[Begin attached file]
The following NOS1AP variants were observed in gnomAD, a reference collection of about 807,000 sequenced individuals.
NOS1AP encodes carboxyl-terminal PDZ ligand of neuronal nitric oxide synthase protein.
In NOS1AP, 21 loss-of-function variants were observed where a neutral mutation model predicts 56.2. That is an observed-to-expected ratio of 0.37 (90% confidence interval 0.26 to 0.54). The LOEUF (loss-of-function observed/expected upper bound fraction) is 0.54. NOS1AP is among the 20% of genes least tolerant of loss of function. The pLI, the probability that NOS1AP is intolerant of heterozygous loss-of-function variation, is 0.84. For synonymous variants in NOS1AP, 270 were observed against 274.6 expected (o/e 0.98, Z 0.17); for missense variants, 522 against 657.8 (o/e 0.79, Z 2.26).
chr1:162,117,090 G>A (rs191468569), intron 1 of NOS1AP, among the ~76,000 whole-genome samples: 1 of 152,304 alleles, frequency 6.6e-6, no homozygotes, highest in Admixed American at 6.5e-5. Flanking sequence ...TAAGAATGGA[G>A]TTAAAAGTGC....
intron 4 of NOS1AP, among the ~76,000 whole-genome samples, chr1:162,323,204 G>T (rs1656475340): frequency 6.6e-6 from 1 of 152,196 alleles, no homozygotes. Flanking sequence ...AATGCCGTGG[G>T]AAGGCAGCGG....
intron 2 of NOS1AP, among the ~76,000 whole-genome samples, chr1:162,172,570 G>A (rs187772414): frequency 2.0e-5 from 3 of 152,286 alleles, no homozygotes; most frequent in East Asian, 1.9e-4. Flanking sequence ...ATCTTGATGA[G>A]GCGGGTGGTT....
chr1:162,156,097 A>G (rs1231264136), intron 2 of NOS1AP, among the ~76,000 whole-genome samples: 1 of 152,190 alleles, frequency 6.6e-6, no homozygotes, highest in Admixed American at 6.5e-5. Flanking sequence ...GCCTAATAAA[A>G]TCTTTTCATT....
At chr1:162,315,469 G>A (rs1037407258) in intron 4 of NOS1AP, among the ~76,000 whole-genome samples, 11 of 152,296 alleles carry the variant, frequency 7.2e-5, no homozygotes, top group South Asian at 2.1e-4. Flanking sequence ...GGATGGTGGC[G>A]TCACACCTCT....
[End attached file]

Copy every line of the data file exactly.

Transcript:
The following NOS1AP variants were observed in gnomAD, a reference collection of about 807,000 sequenced individuals.
NOS1AP encodes carboxyl-terminal PDZ ligand of neuronal nitric oxide synthase protein.
In NOS1AP, 21 loss-of-function variants were observed where a neutral mutation model predicts 56.2. That is an observed-to-expected ratio of 0.37 (90% confidence interval 0.26 to 0.54). The LOEUF (loss-of-function observed/expected upper bound fraction) is 0.54. NOS1AP is among the 20% of genes least tolerant of loss of function. The pLI, the probability that NOS1AP is intolerant of heterozygous loss-of-function variation, is 0.84. For synonymous variants in NOS1AP, 270 were observed against 274.6 expected (o/e 0.98, Z 0.17); for missense variants, 522 against 657.8 (o/e 0.79, Z 2.26).
chr1:162,117,090 G>A (rs191468569), intron 1 of NOS1AP, among the ~76,000 whole-genome samples: 1 of 152,304 alleles, frequency 6.6e-6, no homozygotes, highest in Admixed American at 6.5e-5. Flanking sequence ...TAAGAATGGA[G>A]TTAAAAGTGC....
intron 4 of NOS1AP, among the ~76,000 whole-genome samples, chr1:162,323,204 G>T (rs1656475340): frequency 6.6e-6 from 1 of 152,196 alleles, no homozygotes. Flanking sequence ...AATGCCGTGG[G>T]AAGGCAGCGG....
intron 2 of NOS1AP, among the ~76,000 whole-genome samples, chr1:162,172,570 G>A (rs187772414): frequency 2.0e-5 from 3 of 152,286 alleles, no homozygotes; most frequent in East Asian, 1.9e-4. Flanking sequence ...ATCTTGATGA[G>A]GCGGGTGGTT....
chr1:162,156,097 A>G (rs1231264136), intron 2 of NOS1AP, among the ~76,000 whole-genome samples: 1 of 152,190 alleles, frequency 6.6e-6, no homozygotes, highest in Admixed American at 6.5e-5. Flanking sequence ...GCCTAATAAA[A>G]TCTTTTCATT....
At chr1:162,315,469 G>A (rs1037407258) in intron 4 of NOS1AP, among the ~76,000 whole-genome samples, 11 of 152,296 alleles carry the variant, frequency 7.2e-5, no homozygotes, top group South Asian at 2.1e-4. Flanking sequence ...GGATGGTGGC[G>A]TCACACCTCT....